German Language Blog

What to say at the Doctor’s in German Posted by on Feb 29, 2016 in Language

Hello and welcome to another post! In this post I’ll be giving you helpful sentences to enable you to book a doctor’s appointment and explain what’s wrong to the doctor in German.

Die Arztpraxis. Photo by ABUS Security Tech Germany on flickr (CC BY-ND 2.0) .


der Arzt/die Ärztin                                                          The doctor (male/female)

die Arztpraxis                                                                    The doctor’s office

der Termin                                                                         The appointment

der Hautarzt      The dermatologist (literally translates to “the skin doctor”)

der Frauenarzt    The gynaecologist (literally translates to “ the woman doctor”)

das (die) Symptom(e)                                                   The symptom(s)

die Krankenversicherung                                                    Health insurance


What to say when you call up to make an appointment:

Hallo {insert name} hier, Ich brauche bitte einen Termin für heute

Hello {insert name} here, I need an appointment for today please

Ich habe am Nachmittag Zeit

I have time in the afternoon

Ich könnte morgen kommen

I could come tomorrow

Es ist dringend

It is urgent

Vielen dank, tschüss!

Many thanks, goodbye!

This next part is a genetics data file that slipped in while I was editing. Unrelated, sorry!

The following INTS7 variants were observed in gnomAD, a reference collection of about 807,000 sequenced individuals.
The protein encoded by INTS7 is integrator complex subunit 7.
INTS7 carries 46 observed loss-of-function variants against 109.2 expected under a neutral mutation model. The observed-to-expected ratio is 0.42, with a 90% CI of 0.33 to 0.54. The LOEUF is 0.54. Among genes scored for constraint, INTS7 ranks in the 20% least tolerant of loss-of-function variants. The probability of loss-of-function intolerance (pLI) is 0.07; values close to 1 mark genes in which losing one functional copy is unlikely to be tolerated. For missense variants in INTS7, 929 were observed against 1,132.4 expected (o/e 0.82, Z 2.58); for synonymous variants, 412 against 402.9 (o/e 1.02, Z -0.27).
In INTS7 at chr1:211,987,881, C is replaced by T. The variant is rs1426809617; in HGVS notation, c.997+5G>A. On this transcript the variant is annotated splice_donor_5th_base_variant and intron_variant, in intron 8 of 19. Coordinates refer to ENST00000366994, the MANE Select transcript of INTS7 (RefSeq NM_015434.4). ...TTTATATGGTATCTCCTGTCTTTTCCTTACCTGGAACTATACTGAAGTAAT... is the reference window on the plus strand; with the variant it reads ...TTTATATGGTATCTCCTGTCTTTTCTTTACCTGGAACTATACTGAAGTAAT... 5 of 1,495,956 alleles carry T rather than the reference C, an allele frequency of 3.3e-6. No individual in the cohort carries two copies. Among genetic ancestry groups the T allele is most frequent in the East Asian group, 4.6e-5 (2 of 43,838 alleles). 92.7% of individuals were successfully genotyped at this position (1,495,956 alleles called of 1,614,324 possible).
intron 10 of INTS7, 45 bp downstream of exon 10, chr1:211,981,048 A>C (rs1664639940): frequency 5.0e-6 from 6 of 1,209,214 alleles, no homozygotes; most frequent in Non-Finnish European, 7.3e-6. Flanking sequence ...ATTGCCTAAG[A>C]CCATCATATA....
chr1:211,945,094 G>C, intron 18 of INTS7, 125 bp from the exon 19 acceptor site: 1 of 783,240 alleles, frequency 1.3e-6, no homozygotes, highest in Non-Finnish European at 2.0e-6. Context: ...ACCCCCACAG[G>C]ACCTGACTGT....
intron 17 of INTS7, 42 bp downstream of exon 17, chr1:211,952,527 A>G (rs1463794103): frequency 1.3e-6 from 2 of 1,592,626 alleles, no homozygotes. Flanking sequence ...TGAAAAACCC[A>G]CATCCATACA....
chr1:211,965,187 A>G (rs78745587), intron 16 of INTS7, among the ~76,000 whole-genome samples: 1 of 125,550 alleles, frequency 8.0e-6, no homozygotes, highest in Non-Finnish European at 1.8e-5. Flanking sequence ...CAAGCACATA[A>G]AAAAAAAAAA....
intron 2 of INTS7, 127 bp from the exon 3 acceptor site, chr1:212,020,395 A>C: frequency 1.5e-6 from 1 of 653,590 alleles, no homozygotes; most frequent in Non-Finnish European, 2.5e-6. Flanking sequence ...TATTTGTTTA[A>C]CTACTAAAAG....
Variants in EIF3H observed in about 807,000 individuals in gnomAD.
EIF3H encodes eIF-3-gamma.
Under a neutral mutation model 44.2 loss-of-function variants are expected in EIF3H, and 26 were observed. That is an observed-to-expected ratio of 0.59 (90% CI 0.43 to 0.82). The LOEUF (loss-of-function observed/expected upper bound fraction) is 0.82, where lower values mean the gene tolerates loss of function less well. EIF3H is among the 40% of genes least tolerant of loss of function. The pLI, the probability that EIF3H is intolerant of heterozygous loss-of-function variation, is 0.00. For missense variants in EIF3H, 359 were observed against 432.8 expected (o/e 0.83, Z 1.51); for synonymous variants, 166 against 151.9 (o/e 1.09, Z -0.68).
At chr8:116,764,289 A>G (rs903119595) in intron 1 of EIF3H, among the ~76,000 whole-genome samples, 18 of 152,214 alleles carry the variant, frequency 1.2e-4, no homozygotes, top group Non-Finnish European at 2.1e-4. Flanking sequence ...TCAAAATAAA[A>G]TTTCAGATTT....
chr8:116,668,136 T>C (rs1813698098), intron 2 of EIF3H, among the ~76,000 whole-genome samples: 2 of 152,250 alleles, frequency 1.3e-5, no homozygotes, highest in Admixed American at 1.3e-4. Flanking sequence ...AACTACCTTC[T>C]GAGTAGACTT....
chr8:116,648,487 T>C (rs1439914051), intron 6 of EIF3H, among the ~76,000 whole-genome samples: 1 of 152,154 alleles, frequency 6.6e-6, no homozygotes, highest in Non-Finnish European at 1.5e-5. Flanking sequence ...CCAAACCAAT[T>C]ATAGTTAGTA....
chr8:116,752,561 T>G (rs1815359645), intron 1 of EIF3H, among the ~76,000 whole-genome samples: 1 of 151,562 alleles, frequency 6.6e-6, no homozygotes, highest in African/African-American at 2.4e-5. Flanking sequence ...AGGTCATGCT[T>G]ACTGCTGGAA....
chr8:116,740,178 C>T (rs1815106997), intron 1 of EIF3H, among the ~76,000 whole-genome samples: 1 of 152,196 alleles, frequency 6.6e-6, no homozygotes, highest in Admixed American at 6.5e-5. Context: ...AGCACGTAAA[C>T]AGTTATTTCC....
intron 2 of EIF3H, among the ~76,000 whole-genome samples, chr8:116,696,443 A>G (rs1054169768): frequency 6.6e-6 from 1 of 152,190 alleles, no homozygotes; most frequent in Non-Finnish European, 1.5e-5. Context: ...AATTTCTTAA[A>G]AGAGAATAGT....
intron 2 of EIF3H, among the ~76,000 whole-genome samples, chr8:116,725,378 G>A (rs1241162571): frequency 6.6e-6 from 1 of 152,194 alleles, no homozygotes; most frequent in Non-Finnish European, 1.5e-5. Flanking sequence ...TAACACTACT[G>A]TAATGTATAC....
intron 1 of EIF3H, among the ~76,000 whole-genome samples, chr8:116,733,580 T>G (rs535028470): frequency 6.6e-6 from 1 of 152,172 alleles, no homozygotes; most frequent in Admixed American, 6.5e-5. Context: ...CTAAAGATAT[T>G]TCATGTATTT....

What to say when you arrive:

Hallo ich habe einen Termin um … Uhr

Hello I have an appointment at … o clock

What the receptionist could say to you:

Ich brauche Ihre Krankenversicherungskarte

I need your health insurance card

Bitte nehmen Sie Platz

Please take a seat

Der Arzt hat heute Verspätung

The doctor is running late today

How to describe your problem to the Doctor:

„Hallo ich habe …”

 Kopfschmerzen                                                               headache

Bauchschmerzen                                                             stomach ache

Ohrenschmerzen                                                             ear ache

Rückenschmerzen                                                           back ache

Halsschmerzen                                                                 a sore throat

Grippe                                                                                  the flu

Husten                                                                                 a cough

„Mir ist …“

schwindelig                                                                       dizzy

Übel                                                                                      nauseous

„Ich bin …“

müde                                                                                    tired

“Ich musste mich …”

übergeben                                                                         to vomit

“Ich kann nicht …”

essen                                                                                    eat